I was recently at the National University of Singapore’s (NUS) 2012 conference, Asia-Pacific Worlds in Motion IV: Fluidities and Fixities. This is a conference jointly organized by UBC and NUS students working in migration studies.
There was a stellar lineup of keynote speakers, which include Adrian Bailey (Hong Kong Baptist University/Leeds University), Elspeth Graham (University of St. Andrews), Rhacel Salazar Parreñas (University of Southern California), and Dan Hiebert (UBC).
I was part of a paper session on Transnational Identities and Subjectivities, chaired by Tracey Skelton (NUS) and responded to by Rhacel Parrenas. I presented a paper entitled ‘A Minority Challenging Multiculturalism: The Social Conservatism of Cantonese-speaking Evangelical Christians in Metro Vancouver.’ Here’s the abstract:
Studies of transnationality in the Asia-Pacific region have recently focused on migration through a given social field over the lifecourse, some nodes centred on education, others on work (Waters 2002; Ley and Kobayashi 2005; Preston et al 2006; Waters 2006; Ley 2010; Lin 2011). While such approaches rightly highlight these migrants’ ties to their places of origin, they seldom explore their commitments to their new destination nation-states. Using qualitative data collected from 40 key informant interviews and four focus groups in Metro Vancouver, this paper demonstrates that one particular, influential migrant group in Vancouver—migrants from Hong Kong who are of evangelical Christian faith—are in fact more committed to Canada than Hong Kong. However, their involvement in Canadian civil society, far from celebrating Canada’s multicultural policy, has sought to challenge multiculturalism on the grounds that their rights of religious freedoms and parental choices in their children’s education have been overshadowed by agendas concerning gender and sexuality. Such political voices have included journalistic postings in English- and Chinese-language media in Vancouver, activist organisations, and the success of Cantonese-speaking evangelical Christian candidates for the Conservative Party in federal elections. Given such a wide range of political participation, I argue that the social conservatism of Hongkonger evangelicals, while contextualised by a transnational social field, signifies an attempted integration into Canadian civil society by challenging the state’s multicultural policy. This paper advances discussions of fixities and fluidities in Asia-Pacific migrations by outlining the development of a socio-political agenda by transnational migrants for their destination countries, not only their places of origin.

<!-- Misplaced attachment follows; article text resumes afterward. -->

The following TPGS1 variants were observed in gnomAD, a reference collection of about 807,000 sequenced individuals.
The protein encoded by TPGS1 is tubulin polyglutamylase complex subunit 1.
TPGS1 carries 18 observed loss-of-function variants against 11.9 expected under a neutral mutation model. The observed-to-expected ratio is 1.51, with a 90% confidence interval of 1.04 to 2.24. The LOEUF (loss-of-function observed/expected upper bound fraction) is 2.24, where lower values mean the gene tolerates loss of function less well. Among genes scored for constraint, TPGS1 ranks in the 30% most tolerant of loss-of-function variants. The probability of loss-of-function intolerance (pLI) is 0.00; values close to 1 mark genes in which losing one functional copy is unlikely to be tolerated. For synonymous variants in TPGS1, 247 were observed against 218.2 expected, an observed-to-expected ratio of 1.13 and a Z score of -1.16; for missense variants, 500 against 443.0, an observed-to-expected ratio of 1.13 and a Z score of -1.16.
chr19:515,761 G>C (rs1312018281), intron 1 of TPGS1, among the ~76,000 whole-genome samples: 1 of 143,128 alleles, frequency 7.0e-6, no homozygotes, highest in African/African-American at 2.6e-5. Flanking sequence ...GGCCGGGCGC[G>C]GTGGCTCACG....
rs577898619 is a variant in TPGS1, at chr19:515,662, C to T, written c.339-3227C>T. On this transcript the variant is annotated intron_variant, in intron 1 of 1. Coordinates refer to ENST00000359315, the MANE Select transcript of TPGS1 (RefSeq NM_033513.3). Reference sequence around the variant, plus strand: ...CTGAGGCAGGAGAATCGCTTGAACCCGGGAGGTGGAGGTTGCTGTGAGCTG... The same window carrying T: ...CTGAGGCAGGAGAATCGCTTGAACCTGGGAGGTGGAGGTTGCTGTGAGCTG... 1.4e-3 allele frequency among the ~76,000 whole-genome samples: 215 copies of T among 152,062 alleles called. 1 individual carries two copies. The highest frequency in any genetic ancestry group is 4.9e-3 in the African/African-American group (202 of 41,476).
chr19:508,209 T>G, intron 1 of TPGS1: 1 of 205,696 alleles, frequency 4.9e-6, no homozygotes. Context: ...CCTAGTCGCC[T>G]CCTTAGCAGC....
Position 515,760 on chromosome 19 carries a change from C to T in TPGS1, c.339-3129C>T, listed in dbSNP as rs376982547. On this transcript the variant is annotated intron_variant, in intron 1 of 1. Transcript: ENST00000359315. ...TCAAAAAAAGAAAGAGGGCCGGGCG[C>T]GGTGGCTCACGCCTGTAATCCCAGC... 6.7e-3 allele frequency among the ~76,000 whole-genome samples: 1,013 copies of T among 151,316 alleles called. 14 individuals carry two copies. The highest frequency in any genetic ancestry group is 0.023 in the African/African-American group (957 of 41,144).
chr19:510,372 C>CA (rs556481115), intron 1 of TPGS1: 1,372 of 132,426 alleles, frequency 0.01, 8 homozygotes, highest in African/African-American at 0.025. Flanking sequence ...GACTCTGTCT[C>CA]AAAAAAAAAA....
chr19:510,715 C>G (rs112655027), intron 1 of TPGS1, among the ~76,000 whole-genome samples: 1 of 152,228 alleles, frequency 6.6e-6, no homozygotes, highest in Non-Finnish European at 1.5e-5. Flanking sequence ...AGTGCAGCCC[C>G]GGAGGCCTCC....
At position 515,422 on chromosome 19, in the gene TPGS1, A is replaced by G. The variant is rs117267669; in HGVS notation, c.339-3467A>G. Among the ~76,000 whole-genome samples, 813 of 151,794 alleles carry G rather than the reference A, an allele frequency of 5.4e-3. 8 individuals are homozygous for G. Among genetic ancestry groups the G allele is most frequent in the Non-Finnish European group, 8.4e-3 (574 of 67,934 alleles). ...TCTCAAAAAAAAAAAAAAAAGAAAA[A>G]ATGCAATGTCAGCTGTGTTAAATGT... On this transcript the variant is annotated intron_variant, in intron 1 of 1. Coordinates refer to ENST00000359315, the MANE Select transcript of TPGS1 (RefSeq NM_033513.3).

For more information about the conference, please see the Asia-Pacific Worlds in Motion website. We hope to have the fifth installment at UBC Vancouver.